The year that was: What you read on the M&G Online
More than half of 2009's most-read articles on the Mail & Guardian Online concerned President Jacob Zuma.
More than half of 2009’s most-read articles on the Mail & Guardian Online concerned President Jacob Zuma. This was the year he ascended to the presidency—on the way fighting off charges of corruption and graft.
“Tearful Niehaus admits fraud”. These were the words that pulled in more than 30 000 readers to the article about how the former ANC spin doctor left a trail of “bad debt and broken promises”, in the words of journalist Pearlie Joubert. This was the M&G Online‘s most-read article of 2009 and it’s not hard to see why. While the story appeared to come out of nowhere, rumours had been circulating for months, even years, about Niehaus. When Joubert finally cornered him, revelations—and tears—came tumbling out. And besides, you can’t beat the news value of a public official having a good cry.
The fate of an article is often determined by its headline. “The spy who saved Zuma” is a case in point, and more than 29 000 readers clicked through to the article about how a top spy once linked to former president Thabo Mbeki saved ANC president Jacob Zuma’s political life. Journalists Pearlie Joubert and Adriaan Basson established that the Arthur Fraser was the man who leaked to Zuma’s lawyers the secret recordings that ultimately let him off the hook.
While the M&G Online is primarily concerned with hard news, investigative journalism and politics, every so often another kind of story appears—one that captures the imagination of the world.
“Fly me to Mars. One way” was of this type—and 27 000 readers succumbed to the news from the Red Planet. Writer Paul Davies theorises that those on the one-way journey would be able to establish a “lifeboat” in the event of a catastrophe on Earth and apparently found no shortage of eager scientists, both young and old, willing to undertake the mission. They should probably get out a bit more.
“MRC: Quarter of men in South Africa admit rape” drew almost 27 000 people who wanted to read more about this shocking statistic.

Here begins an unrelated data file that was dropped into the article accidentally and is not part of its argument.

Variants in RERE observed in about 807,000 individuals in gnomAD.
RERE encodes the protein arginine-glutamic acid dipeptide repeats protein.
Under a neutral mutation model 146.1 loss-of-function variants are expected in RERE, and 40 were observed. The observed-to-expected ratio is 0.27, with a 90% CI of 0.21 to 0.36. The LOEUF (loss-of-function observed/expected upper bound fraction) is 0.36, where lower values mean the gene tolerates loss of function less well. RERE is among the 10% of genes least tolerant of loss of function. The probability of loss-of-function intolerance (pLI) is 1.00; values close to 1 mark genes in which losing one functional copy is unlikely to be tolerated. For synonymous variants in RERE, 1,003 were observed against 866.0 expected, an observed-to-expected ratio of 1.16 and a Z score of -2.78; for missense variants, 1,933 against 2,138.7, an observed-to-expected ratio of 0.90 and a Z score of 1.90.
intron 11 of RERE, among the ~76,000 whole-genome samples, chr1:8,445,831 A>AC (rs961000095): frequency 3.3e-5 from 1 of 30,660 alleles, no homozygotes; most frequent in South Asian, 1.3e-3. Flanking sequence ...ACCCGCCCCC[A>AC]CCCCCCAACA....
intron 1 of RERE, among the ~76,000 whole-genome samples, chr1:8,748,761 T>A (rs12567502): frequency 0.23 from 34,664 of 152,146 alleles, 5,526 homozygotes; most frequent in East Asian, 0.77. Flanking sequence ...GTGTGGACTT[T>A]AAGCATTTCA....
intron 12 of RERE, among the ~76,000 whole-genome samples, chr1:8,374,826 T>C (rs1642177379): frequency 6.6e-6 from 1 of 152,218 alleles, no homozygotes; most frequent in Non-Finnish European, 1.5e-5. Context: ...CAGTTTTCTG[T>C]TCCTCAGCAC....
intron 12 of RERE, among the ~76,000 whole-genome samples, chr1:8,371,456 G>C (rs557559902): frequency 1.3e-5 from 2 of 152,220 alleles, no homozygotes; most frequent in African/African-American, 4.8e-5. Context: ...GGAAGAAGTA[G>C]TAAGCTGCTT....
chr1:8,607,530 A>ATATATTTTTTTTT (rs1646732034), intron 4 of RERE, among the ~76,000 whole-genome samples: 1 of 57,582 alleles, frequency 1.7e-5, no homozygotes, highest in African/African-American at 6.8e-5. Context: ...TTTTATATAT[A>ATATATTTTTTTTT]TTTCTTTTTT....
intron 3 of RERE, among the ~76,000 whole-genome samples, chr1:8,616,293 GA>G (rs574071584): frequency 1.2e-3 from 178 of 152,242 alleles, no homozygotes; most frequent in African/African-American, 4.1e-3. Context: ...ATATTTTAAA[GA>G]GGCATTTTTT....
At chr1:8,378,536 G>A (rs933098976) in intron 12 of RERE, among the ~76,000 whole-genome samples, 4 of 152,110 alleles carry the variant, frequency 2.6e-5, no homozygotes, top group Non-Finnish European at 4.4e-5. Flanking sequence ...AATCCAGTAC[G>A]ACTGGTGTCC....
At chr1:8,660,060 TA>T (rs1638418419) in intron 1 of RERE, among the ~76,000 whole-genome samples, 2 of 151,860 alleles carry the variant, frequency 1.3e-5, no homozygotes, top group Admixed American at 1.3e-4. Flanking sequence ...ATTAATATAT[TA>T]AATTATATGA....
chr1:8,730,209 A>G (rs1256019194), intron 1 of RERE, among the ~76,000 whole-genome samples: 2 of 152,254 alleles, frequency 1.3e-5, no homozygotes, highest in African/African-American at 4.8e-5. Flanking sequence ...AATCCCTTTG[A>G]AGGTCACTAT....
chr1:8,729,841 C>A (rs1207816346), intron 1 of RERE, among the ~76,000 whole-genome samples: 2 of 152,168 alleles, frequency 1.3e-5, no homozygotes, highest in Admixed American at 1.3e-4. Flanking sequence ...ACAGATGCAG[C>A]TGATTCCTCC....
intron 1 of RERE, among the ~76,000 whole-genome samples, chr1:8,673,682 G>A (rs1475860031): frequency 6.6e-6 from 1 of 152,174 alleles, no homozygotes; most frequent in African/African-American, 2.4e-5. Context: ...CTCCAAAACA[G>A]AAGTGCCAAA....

South Africa has one of the highest levels of rape in the world, and Professor Rachel Jewkes of the Medical Research Council (MRC), who carried out the research, said: “We have a very, very high prevalence of rape in South Africa. I think it is down to ideas about masculinity based on gender hierarchy and the sexual entitlement of men. It’s rooted in an African ideal of manhood.”
There was also plenty of interest about what President Zuma’s new administration would look like, and the story “Zuma’s Cabinet: Who’s in, who’s out”, was read more than 26 000 times.
“What Zuma told the NPA” detailed how the ANC president’s legal team gave acting prosecutions boss Mokotedi Mpshe two reasons for dropping charges against Zuma, both involving fresh “evidence” of wrongdoing by former president Thabo Mbeki. The M&G ascertained that the two strands of evidence put before Mpshe concerned Mbeki’s role in the 1999 arms deal and claims that Mbeki influenced the Scorpions’ controversial “Special Browse Mole” report, which raised concerns about funding and support for Zuma from Libya and Angola.
While the Caster Semenya saga made world headlines, the fall-out and the fate of Leonard Chuene, president of Athletics South Africa, was followed particularly closely in South Africa.
More than 24 000 people read the “Semenya saga: Chuene’s trail of lies”, in which it was made crystal clear that Chuene knew Semenya was gender-tested ahead of the World Championships in Berlin, something he had denied.
In the wake of the Niehaus scandal came news of a plan to boost Zuma’s image within the party and the public.
“Why did Zuma want Niehaus?” was read by just more than 20 000 people and showed how Niehaus’s ill-fated appointment in November 2008 appeared to stem from an attempt to create a “machinery” to serve Zuma in the face of his arms-deal travails.
“Zuma tapes split NPA” told how the National Prosecuting Authority was left reeling after evidence came to light of collusion between its former officials and former president Thabo Mbeki in the prosecution of Jacob Zuma.
More than 60 000 people watched “What the SABC wouldn’t show you”, making it the most-watched video of the year. The show on political satire was leaked to the M&G after the public broadcaster decided it was not fit for the public’s consumption. The SABC then laid a charge of theft with the police, but by that time, the video was, as they say, all over the internet. Close to 20 000 people read the accompanying article, “The show SABC wouldn’t let you see”.
Top 10 most-read stories 2009
1. Tearful Niehaus admits fraud